The University of Iowa’s Operator Performance Laboratory (OPL) is working with Rockwell Collins to do just that: make it possible for unmanned aircraft systems (UAS)—more commonly known as drones—to behave autonomously should they lose radio contact with their operators. That means the UAS won’t collide or interfere with manned aircraft and will make it possible for manned and unmanned aircraft to coexist in the same airspace. “In 2015, the work we have done with the OPL was mostly about getting Rockwell Collins the flying capability to safely and legally launch [UAS],” says Alex Postnikov, a researcher in the Advanced Technology Center at Rockwell Collins. “The next two to three years are going to be very exciting.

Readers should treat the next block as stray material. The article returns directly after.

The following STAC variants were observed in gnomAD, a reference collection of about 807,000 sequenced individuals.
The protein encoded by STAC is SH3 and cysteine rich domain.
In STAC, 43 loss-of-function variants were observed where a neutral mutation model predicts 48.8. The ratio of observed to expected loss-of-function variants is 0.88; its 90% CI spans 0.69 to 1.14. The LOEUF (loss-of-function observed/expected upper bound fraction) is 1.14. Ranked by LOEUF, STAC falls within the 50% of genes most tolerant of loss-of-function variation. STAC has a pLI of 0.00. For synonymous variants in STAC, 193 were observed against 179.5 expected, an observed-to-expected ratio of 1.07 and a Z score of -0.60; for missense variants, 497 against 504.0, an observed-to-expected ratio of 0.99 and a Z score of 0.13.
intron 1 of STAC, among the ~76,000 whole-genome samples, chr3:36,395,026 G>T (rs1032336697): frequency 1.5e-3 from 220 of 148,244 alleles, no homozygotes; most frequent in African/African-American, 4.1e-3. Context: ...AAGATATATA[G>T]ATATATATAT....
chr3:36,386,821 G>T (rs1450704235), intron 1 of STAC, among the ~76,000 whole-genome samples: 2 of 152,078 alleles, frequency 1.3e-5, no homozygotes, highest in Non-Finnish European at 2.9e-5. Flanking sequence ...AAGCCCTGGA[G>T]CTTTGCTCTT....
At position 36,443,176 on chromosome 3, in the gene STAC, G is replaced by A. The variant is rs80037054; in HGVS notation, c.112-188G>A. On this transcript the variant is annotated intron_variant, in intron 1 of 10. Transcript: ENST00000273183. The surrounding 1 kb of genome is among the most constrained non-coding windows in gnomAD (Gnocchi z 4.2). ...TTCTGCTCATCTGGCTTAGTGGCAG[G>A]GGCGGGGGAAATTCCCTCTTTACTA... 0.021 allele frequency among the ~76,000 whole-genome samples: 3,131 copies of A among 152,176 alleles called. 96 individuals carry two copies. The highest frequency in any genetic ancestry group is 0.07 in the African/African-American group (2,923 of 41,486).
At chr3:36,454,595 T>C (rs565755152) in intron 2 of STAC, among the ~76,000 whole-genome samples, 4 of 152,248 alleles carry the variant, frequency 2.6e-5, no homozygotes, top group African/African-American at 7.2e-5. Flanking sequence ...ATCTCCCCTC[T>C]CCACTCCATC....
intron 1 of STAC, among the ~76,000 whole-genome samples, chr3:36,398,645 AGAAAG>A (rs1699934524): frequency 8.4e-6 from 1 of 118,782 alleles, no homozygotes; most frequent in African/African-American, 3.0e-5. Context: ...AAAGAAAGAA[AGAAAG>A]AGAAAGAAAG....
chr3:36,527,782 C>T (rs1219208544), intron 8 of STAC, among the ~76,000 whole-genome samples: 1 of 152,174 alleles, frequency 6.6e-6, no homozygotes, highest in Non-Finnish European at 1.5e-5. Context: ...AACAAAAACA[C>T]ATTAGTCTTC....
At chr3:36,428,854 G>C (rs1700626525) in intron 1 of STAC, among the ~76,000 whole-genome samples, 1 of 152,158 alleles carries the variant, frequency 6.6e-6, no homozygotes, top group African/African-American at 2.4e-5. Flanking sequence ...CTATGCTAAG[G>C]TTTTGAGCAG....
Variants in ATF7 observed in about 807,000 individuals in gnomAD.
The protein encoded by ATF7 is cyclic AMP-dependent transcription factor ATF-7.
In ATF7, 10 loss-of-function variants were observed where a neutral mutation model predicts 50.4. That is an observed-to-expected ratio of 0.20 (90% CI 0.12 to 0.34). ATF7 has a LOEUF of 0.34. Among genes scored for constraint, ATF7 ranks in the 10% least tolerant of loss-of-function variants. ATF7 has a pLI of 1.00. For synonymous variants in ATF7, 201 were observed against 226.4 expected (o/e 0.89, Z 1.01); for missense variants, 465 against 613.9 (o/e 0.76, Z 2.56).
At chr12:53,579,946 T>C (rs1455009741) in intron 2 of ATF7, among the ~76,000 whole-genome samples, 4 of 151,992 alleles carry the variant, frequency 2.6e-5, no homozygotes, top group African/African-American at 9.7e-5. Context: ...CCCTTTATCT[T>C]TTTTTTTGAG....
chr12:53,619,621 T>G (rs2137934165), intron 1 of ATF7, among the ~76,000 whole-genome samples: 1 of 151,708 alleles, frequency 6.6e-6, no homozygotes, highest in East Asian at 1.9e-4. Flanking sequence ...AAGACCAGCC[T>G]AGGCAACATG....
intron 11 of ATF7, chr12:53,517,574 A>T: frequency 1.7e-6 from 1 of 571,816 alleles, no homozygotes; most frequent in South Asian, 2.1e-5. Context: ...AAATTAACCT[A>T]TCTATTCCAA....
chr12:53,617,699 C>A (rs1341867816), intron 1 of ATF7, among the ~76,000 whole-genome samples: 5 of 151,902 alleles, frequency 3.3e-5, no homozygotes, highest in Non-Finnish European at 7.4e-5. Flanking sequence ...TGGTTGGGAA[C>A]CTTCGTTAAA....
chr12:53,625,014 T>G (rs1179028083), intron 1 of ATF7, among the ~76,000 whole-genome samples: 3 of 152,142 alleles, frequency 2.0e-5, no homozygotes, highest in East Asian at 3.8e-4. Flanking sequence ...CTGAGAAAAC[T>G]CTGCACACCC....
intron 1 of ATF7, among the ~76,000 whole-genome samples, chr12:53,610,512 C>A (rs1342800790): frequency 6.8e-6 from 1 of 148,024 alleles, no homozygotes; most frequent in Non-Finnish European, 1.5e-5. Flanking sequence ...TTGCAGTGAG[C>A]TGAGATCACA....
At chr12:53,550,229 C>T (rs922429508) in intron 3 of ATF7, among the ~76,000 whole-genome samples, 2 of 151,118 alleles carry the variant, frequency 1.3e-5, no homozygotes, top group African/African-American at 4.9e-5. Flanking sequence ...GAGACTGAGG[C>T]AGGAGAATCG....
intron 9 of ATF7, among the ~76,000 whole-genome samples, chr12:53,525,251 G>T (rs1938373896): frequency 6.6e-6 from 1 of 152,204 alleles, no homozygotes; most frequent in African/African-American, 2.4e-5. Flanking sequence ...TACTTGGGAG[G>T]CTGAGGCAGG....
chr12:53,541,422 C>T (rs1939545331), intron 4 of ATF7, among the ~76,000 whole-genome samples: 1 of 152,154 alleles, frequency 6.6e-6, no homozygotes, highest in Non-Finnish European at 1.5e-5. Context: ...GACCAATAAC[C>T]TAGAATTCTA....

“So far, everything we’ve done is about how you physically control the aircraft, how you certify, how does it end up in the national air space?” he says. “That’s all great. But what if the aircraft needs to make a decision? What makes it autonomous is the ability to complete a flight safely when it doesn’t have all the information available before takeoff. It has to make decisions based on what happens in the real world, even when human help is not immediately available.”